They’ve got the robes. They’ve got the spanking new court. So why don’t our judges have a bit more confidence in the British justice they dispense?
Today, the Supreme Court held – by 6 to 3 – that, whilst UK soldiers may claim human rights on a base abroad, they cannot when on duty outside it. Right decision. Wrong reason.
The case concerned the tragic death of a private, who died of heat stroke in Iraq having failed to adjust to the searing heat. He joins a long list of brave soldiers let down by the last government’s failure to prepare properly for conflict. But expanding human rights law is not the answer.
The High Court had delivered a quixotic judgment, extending the right to life (Article 2 of the European Convention on Human Rights, via the Human Rights Act) to elevate a wide range of expansive negligence claims by soldiers to the status of a ‘human right’. The court ignored the negotiating records of the Convention and the absence of precedent, supporting its novel ruling with passing references to the Charge of the Light Brigade. The Supreme Court overruled both the High Court and Court of Appeal, sticking to the previous case-law that distinguished responsibilities of the UK government for its bases from the wider theatre of conflict.
That decision was right, for four reasons. First, existing procedures of inquest, investigation and where necessary inquiry provide due accountability for broader MoD negligence – as inquests have shown in relation to Iraq and Afghanistan. Second, judicial legislation makes the law unpredictable for everyone that has to rely on it. In this case, it leaves commanders looking over their shoulder at potentially ever-expanding legal liabilities, which distracts from the effective conduct of military operations - and may put troops at even greater risk. Third, it is the job of the courts to apply the law, not create it on a whim - judges have no democratic mandate to make new law. Fourth, these kinds of cases place additional financial burdens on the tax-payer – again, delicately-balanced decisions on the allocation of finite public resources should be decided by elected representatives, accountable for their decisions. Do you want the MoD wasting millions defending litigation, or using the money to pay for proper equipment for troops in the field?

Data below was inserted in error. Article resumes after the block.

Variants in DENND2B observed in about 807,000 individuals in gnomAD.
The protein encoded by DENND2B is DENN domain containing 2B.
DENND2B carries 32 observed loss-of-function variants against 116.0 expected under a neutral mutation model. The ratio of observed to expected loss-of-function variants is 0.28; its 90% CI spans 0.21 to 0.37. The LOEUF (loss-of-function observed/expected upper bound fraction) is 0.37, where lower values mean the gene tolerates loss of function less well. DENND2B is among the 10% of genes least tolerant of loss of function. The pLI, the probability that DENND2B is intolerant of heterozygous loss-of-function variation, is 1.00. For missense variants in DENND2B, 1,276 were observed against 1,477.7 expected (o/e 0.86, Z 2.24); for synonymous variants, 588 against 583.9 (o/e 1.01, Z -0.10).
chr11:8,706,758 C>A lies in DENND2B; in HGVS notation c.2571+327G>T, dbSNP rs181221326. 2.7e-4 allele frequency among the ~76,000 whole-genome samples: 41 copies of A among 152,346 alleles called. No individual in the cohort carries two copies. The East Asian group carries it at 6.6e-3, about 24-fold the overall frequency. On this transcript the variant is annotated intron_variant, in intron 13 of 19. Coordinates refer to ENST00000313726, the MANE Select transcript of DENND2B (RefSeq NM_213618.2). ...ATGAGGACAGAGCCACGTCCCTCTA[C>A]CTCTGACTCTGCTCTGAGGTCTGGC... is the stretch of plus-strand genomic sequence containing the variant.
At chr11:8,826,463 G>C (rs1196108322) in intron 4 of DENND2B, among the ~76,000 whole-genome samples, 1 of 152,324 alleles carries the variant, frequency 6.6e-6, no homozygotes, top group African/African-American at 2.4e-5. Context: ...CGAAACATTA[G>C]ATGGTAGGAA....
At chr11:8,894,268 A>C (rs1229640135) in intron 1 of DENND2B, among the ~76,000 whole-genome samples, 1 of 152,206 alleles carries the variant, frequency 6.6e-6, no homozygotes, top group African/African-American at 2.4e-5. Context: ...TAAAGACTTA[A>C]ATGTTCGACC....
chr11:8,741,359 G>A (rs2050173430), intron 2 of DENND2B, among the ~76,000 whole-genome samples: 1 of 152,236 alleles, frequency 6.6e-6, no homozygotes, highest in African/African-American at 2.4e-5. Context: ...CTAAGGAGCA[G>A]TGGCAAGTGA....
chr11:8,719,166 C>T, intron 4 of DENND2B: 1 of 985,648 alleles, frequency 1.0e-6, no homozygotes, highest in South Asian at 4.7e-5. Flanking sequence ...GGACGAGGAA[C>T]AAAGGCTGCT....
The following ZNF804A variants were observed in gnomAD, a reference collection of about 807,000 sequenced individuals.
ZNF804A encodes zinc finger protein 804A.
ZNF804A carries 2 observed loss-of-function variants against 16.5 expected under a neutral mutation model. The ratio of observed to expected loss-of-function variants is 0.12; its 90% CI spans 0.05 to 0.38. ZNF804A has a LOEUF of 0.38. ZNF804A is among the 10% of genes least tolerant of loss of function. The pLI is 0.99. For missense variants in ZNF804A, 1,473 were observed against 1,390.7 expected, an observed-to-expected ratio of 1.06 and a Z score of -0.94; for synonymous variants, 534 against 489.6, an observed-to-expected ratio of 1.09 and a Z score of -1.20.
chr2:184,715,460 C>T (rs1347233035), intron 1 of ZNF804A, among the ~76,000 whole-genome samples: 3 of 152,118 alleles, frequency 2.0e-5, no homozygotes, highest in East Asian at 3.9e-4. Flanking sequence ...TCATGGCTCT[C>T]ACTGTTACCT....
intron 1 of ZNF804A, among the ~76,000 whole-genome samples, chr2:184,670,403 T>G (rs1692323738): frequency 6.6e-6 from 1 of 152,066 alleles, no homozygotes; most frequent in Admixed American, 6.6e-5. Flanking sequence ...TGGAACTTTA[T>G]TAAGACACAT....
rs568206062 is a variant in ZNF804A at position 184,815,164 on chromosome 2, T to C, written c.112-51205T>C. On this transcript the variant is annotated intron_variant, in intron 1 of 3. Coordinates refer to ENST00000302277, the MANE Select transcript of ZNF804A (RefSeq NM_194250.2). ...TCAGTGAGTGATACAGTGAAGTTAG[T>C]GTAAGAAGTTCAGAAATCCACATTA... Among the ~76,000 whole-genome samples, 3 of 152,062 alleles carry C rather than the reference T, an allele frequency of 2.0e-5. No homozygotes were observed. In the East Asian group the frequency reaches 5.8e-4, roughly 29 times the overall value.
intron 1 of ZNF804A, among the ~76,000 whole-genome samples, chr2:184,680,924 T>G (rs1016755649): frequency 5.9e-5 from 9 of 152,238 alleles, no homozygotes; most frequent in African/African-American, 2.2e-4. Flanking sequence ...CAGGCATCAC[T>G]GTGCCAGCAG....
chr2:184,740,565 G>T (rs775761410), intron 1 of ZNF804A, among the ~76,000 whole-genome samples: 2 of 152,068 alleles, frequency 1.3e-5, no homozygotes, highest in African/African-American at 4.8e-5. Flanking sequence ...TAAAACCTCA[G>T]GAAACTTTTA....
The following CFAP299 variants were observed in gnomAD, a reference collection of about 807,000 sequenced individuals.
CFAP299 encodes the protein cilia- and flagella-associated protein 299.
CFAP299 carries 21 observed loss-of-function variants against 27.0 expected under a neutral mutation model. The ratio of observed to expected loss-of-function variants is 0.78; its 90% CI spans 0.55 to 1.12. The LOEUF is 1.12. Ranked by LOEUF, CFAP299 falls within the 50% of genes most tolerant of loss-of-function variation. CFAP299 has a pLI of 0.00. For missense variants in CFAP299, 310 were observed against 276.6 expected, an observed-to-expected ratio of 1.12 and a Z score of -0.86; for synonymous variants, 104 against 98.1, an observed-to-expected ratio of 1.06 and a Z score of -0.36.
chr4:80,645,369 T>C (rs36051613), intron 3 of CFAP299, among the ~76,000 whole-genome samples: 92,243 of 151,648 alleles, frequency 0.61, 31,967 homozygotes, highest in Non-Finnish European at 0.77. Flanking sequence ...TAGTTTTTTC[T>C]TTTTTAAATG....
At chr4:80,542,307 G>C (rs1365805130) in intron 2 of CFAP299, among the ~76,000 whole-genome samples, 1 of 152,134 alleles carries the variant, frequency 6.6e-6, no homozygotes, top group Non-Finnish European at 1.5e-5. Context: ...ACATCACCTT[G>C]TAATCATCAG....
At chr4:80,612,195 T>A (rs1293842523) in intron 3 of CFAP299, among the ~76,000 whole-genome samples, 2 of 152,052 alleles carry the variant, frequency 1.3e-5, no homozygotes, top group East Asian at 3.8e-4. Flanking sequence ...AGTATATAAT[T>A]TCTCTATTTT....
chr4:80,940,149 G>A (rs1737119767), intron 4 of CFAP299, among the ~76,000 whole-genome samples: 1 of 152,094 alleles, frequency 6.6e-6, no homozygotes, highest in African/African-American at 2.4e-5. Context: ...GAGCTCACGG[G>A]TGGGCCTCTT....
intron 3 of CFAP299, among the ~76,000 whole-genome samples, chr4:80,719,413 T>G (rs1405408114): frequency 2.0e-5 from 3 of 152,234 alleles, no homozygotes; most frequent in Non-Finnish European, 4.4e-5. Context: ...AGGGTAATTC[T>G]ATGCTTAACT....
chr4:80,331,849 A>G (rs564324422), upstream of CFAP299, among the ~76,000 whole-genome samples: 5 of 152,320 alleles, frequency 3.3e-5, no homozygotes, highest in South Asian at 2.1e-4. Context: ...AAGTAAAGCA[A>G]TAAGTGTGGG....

The present claim is the latest of human rights ‘inflation’ driven by judicial legislation - both at the European Court of Human Rights Strasbourg, and in the UK courts under the Human Rights Act. We have seen extended rights to sue the police, for failing to protect people from violence, that mean officers spend £20 million per year protecting gangsters from each other. Yet our overstretched police are now incapable of protecting juries. So, for the first time in 400 years, British justice recently dispensed with the right to trial by jury in a common or garden robbery case. The human rights bandwagon is robbing Peter to pay Paul. So too, the UK courts under the Human Rights Act have extended restrictions on deportation, well beyond the scope of any Strasbourg ruling. It is one thing to block deportation of a criminal or terrorist suspect, where he risks torture if returned home, as required by Strasbourg. But many more now claim the ‘right’ to stay to avoid disruption to their family life in Britain, pursuant to novel precedent under the Human Rights Act – a factor that adds to pressure to introduce draconian measures at home, like control orders and prolonged pre-charge detention.
So, today, the judges got it right. But their decision was based on flawed reasoning. The Court, presided over by Lord Phillips, said that the European Court in Strasbourg was the proper place to decide whether this ‘novel’ claim should be upheld. In that case, what a waste of time going through three British courts. It is remarkable that, now established as a fully-fledged Supreme Court, our judges did not have the courage of their own convictions. Equally, they failed to understand that Strasbourg is not a court of appeal. As Director of Public Prosecutions, Keir Starmer, writes in his human rights text book, Strasbourg "has no role unless the domestic system for protecting human rights breaks down", which it clearly has not in Britain.
Our judges, used to adhering to precedent under the common law system, are far too ready to defer to Strasbourg - when it is neither required by the Convention, nor desirable in practice. The logic of this latest ruling only strengthens the case for a Bill of Rights in place of the Human Rights Act – to help re-focus British judges on the job of dispensing British justice.